Businesses using the small business depreciation rules can claim 57.5% of the asset’s total cost in the first year of its use. It can then be added to the general small business pool in which the depreciation deduction will be calculated at 30% for the following years.


3. Prepay Some of Your Expenses

If you can pay some of your business expenses in advance, you won’t have to worry about paying them the next year, and you can claim them as a tax deduction in the current year.

Common expenses that you can prepay, include: 

  • office supplies; 
  • marketing expenses; 
  • rental payments; 
  • vehicle expenses; 
  • subscriptions; and 
  • insurance

Note, however, if you do opt to prepay some of your tax-deductible expenses, the prepaid amount should not exceed twelve months.


4. Write Off Bad Debts

If you aren’t able to retrieve debt from one or more of your customer’s accounts, you can possibly write these debts off and reduce your taxable income.

Bad debts can range from: 

  • customer credit accounts; and
  • customer loans;  to 
  • employee loans

Before you are able to write off customer debt, you’ll have to: 

  • communicate to the debtor about their outstanding payments (and keep all records of the communication); 
  • send follow-up reminder notices; 
  • determine their financial position and whether they are likely to pay their debt; and 
  • taken all necessary debt recovery steps to retrieve the debt

If, after following through with all the above, you can prove that you’re not able to retrieve payment for their outstanding account, you can write off the debt and claim this as a tax deduction.


5. Minimise Tax on GST (Goods and Services Tax)

Are you paying goods and services tax on an accrual basis? If so, you may want to consider paying GST on a cash basis to maximise cash flow and minimise tax.

On an accrual basis, you land up paying GST when you are invoicing for your goods or services. Depending on whether your payment terms are 30 days, 60 days or more, you are potentially paying tax even before receiving payment for your goods or service.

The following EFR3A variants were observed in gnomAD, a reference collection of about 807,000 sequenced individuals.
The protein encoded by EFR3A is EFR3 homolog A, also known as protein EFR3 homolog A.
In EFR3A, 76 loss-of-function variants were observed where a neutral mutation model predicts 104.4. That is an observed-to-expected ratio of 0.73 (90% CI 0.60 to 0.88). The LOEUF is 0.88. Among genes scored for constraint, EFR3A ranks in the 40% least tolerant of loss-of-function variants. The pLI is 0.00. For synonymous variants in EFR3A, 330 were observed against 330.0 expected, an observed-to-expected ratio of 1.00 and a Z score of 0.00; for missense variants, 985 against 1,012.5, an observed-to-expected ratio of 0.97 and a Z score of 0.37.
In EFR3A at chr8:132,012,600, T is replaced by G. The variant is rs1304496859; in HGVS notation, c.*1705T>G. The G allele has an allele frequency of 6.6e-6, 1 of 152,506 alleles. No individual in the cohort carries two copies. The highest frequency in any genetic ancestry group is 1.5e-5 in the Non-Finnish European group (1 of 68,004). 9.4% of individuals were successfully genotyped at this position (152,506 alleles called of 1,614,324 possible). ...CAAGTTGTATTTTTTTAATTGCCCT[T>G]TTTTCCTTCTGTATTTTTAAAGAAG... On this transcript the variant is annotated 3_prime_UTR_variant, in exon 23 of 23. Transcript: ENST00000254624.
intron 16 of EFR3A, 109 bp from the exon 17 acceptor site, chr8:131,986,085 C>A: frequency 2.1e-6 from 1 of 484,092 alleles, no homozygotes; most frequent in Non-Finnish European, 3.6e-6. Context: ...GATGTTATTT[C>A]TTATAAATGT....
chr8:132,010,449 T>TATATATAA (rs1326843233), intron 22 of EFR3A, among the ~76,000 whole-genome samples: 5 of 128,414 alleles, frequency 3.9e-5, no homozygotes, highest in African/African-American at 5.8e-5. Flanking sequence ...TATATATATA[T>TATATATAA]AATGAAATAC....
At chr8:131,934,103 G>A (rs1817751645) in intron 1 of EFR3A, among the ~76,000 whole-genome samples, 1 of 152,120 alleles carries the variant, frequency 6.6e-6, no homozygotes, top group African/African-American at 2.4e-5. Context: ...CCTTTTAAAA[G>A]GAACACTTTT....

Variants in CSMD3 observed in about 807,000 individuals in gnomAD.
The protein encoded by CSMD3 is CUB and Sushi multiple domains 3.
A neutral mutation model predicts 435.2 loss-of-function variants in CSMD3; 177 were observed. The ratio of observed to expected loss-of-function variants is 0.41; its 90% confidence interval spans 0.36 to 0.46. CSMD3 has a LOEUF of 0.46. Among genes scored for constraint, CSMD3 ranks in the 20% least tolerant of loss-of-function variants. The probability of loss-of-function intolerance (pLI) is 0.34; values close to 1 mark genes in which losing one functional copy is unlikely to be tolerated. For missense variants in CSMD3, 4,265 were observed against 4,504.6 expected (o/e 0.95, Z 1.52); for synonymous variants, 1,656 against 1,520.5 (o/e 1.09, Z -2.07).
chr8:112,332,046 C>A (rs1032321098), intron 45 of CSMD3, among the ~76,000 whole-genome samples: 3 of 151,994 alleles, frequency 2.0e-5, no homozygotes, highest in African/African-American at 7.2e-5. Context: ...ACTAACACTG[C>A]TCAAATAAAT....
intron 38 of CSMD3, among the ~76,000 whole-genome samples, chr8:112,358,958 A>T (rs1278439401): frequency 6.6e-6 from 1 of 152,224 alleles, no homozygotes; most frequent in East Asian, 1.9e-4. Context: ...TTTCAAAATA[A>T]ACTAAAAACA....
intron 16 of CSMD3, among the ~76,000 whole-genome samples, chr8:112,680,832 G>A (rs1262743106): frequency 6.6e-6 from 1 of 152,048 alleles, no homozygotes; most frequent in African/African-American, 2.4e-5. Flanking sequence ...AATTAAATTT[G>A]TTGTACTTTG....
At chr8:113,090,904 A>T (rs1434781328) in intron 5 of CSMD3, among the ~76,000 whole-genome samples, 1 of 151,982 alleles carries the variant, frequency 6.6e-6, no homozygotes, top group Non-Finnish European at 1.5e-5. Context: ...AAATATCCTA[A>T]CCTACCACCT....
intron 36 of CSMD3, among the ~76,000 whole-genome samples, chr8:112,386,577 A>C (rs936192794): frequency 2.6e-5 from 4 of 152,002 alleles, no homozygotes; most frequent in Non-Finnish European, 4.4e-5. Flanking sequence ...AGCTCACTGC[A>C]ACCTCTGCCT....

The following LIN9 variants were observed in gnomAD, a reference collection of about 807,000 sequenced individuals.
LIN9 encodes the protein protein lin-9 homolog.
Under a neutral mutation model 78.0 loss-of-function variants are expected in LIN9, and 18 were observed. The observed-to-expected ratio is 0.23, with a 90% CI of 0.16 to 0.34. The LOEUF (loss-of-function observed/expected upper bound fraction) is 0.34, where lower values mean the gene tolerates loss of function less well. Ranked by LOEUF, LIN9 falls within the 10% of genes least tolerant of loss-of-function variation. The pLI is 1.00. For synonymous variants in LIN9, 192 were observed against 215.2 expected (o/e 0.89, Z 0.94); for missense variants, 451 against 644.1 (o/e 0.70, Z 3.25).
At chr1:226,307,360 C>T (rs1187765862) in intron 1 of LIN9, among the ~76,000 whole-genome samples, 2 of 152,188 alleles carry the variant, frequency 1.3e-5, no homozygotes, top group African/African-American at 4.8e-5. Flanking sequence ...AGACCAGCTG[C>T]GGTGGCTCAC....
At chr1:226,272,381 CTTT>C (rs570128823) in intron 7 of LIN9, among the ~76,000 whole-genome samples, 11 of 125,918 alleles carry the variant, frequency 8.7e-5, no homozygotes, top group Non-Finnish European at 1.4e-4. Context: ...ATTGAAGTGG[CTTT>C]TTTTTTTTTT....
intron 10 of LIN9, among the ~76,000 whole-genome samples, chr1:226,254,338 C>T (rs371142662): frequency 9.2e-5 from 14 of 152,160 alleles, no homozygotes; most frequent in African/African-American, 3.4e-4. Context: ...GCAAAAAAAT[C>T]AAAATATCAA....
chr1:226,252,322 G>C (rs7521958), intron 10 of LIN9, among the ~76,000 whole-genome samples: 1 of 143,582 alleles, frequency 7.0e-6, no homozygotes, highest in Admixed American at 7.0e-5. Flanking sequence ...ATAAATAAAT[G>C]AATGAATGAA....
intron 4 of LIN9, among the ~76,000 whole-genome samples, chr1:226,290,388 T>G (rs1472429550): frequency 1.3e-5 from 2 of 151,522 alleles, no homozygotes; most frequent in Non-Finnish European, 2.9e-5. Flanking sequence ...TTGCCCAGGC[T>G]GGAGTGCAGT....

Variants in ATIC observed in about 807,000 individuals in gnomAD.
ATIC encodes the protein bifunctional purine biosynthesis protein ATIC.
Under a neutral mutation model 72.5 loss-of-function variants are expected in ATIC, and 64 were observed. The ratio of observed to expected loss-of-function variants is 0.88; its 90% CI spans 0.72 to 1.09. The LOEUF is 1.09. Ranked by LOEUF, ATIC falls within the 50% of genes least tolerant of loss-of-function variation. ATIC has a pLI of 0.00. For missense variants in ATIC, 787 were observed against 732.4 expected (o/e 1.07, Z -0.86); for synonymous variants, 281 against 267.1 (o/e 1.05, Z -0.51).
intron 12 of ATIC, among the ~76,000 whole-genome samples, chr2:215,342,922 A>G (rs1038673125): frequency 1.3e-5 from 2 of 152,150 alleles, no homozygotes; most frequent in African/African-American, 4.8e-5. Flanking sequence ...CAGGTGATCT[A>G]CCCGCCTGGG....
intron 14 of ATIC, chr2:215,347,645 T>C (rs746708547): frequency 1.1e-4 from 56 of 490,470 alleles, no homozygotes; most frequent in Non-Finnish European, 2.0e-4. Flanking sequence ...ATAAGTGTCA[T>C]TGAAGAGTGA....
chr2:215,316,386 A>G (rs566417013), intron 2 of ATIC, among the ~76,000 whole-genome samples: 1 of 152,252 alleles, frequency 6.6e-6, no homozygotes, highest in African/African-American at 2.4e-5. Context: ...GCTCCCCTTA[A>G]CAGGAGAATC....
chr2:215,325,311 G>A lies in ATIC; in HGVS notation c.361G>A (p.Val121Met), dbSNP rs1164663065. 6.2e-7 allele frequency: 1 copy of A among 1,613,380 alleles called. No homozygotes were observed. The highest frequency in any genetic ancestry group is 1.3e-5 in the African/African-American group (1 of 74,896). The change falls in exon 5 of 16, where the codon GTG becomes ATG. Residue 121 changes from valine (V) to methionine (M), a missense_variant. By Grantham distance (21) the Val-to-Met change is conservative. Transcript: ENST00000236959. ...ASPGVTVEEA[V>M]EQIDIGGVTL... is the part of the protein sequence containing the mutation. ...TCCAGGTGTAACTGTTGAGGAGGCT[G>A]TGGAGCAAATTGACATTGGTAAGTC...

Whereas, on a cash basis, GST is paid when you have received payment into your bank account.


Noel, a graphics designer at a small firm in Cronulla, has recently engaged with a new client to offer their design services. 

The total cost of the project amounts to $110,000 which Noel has offered on a 60-day payment term. 

Because the graphic design firm pays on an accrual basis, they are going to have to pay $10,000 in goods and services tax before even receiving full payment for the $110,000.

Given the current market, every cent counts, and that’s $10,000 less in cash that could be possibly used on business needs if they are having cash flow issues.


Key Takeaways

The ATO offers small business owners various tax breaks that you should definitely consider taking advantage of when it comes to determining how to reduce taxable income for your business. 

Along with the existing tax breaks, the Australian Government recently made some amendments to soften the economic hardship caused by the COVID-19 pandemic. 

For example, the instant asset write-off now covers a broader range of businesses, and the BBI Incentive was introduced to accelerate depreciation deductions for small business pools. 

However, there’s no one-size-fits-all strategy when it comes to reducing your business’s taxable income.

According to the ATO, 74% of Australian tax returns are lodged with a tax agent. In most cases, getting provisional advice will not only save you time, but they will also be able to guide you on how to reduce taxable income. 

At Box Advisory Services, our small team of experienced accountants can help you navigate through putting together your tax reduction plan as well as preparing your tax return. 

To find out how we can help you, book in a free consultation with us to assess your situation.


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Please note that every effort has been made to ensure that the information provided in this guide is accurate. You should note, however, that the information is intended as a guide only, providing an overview of general information available to contractors and small businesses. This guide is not intended to be an exhaustive source of information and should not be seen to constitute legal or tax advice. You should, where necessary, seek a second professional opinion for any legal or tax issues raised in your business affairs.